Nursing homes are already struggling to hire enough staff for efficient and safe operations, so a potential staffing mandate wouldn't be helpful.
The American Hospital Association (AHA) and American Health Care Association (AHCA) sent a joint letter to the Centers for Medicare and Medicaid Services on Monday expressing their concerns about the proposed federal staffing mandate.
CMS introduced the proposed rule earlier this year, which would require the nation's nursing homes to have a set number of workers on staff. The healthcare sector as a whole is struggling amid an historical workforce shortage, aging services providers in particular, and the proposed mandate would do more harm than good, according to the letter
"We anticipate many nursing homes will be forced to further reduce their capacity and even close their doors if they are unable to meet these staffing mandates," the letter stated. "This would accelerate the domino effect across the entire continuum of care and leave vulnerable seniors with fewer care options."
In the letter, addressed to CMS administrator Chiquita Brooks-LaSure, the AHA and AHCA note that nursing homes lost 210,000 workers from February 2020 to December 2022—the most of any health sector. While there has since been some "modest" growth, it's estimated that nursing homes won't return to pre-pandemic staffing levels until 2027.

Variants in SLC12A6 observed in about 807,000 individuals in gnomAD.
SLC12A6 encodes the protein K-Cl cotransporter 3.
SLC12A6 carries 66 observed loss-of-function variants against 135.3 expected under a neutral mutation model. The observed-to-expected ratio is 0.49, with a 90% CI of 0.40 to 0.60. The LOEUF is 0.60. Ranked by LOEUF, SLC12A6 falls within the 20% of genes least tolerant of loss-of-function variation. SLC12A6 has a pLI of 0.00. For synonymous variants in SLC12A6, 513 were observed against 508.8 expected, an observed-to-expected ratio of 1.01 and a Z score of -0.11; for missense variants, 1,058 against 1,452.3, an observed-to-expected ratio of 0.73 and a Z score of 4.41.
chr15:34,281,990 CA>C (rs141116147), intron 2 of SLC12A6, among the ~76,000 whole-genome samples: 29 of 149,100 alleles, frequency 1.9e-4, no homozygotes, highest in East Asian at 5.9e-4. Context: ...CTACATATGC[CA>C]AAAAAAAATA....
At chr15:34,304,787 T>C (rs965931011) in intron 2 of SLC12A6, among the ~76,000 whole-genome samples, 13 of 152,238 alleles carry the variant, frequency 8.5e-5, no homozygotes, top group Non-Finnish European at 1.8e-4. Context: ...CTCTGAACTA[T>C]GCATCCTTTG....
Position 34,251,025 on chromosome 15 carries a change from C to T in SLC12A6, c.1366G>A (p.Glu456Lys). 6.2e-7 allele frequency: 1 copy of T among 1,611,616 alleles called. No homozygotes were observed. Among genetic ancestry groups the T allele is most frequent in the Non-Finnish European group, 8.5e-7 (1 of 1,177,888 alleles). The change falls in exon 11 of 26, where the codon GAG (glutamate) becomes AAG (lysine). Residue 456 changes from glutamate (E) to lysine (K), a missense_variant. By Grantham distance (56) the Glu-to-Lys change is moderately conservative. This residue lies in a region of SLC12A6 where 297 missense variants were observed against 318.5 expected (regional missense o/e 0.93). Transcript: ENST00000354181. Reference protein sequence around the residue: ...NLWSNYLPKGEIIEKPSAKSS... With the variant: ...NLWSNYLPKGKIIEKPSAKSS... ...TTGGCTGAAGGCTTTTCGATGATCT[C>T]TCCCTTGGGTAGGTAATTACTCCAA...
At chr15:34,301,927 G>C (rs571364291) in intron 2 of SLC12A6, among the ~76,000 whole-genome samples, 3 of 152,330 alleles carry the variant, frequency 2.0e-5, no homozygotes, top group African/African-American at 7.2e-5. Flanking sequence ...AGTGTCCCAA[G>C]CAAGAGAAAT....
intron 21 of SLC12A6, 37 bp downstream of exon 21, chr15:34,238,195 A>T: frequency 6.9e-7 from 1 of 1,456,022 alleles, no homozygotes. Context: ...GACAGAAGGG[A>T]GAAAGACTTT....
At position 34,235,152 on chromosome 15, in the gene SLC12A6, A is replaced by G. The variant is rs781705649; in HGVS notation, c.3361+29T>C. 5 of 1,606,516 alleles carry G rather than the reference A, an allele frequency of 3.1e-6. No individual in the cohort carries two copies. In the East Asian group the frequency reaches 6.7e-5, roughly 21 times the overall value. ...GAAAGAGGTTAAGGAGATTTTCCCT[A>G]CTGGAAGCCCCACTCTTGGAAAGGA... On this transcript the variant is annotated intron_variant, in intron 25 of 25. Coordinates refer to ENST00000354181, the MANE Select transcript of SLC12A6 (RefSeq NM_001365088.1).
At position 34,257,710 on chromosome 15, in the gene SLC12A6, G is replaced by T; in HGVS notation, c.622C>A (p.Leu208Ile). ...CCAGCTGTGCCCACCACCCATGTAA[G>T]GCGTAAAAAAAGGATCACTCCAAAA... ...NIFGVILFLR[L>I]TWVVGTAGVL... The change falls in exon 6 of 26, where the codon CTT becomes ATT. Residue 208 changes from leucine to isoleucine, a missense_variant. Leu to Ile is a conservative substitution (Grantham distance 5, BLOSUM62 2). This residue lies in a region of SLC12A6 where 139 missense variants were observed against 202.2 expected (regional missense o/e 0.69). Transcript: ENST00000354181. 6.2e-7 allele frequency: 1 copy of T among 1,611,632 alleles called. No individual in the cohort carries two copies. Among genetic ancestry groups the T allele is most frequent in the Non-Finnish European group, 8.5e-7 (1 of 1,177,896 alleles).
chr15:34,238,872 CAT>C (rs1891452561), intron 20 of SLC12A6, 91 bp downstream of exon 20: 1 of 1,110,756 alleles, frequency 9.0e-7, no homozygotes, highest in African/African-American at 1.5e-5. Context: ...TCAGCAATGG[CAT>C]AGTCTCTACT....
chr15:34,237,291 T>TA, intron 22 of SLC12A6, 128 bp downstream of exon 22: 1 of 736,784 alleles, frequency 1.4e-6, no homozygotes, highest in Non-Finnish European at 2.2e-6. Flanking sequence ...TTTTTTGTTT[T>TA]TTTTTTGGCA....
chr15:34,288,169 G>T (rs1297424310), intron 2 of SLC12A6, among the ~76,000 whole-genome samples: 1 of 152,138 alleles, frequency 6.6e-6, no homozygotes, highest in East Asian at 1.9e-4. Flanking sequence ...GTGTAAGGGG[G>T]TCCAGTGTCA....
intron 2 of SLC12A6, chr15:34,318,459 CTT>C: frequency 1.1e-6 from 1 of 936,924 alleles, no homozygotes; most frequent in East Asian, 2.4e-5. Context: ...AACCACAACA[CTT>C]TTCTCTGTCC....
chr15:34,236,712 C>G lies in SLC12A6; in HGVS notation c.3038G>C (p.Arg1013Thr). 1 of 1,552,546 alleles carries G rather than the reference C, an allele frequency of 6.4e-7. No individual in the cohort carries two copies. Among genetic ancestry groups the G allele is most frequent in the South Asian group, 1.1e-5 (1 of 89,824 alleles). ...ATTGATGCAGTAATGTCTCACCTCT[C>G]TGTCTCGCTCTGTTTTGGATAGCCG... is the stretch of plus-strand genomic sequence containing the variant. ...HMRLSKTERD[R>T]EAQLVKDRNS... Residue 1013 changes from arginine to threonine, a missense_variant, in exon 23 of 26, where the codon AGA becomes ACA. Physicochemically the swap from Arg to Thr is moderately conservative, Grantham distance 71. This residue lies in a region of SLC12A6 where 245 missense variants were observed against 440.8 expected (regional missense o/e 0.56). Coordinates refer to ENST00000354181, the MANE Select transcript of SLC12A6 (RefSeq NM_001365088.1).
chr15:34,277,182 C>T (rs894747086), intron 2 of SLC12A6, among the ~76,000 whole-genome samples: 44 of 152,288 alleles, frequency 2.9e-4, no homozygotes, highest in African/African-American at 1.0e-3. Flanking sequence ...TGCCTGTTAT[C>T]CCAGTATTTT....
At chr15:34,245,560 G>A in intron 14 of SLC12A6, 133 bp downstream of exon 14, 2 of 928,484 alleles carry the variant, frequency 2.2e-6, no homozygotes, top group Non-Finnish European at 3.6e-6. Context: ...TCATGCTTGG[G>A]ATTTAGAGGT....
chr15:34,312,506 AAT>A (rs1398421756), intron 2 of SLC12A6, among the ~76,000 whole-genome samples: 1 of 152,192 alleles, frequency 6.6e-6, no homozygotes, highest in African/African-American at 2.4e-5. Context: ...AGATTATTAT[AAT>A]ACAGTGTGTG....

"Furthermore, mandating staffing levels is a simplistic, one-size-fits-all approach to the needs of complex and unique nursing home residents and patients," the letter stated. "In short, specific staffing levels should be a clinical decision customized to the resident population and facility characteristics rather than a policy decision made with lack of regard to real-life situations."
The AHA and AHCA urge CMS and policymakers to consider other ways of addressing the workforce shortage, even if they take longer to remedy the situation. Some suggestions the organizations provided include:
- Augment the depleted workforce with foreign workers, with Congress creating a temporary visa option for RNs, certified nurse assistants, and other needed roles.
- Support apprenticeship programs for nursing assistants and other critical support staff roles to develop a pipeline of workers with customized skills and improve employee retention and employer reputation.
- Pass the Building America's Healthcare Workforce Act which would extend flexibility given to nursing homes during the public health emergency, allowing nurse aides to remain in their roles beyond the required four months and for their additional time to be applied toward their CNA training.
- Adopt policies that would expand loan repayment and incentive-based programs to retain existing talent and attract new talent.
- Direct the Government Accountability Office to study business practices of travel nurse staffing agencies during the pandemic, including high prices and excessive profits, and how they contribute to the workforce shortage.
“In short, specific staffing levels should be a clinical decision customized to the resident population and facility characteristics rather than a policy decision made with lack of regard to real-life situations.”
American Hospital Association (AHA) and American Health Care Association letter
Jasmyne Ray is the contributing editor for revenue cycle at HealthLeaders.
Long term care and post acute providers believe staffing mandates will make hiring more difficult.
After losing 210,000 workers over the course of the pandemic, nursing homes aren't anticipated to return to pre-pandemic workforce levels until 2027.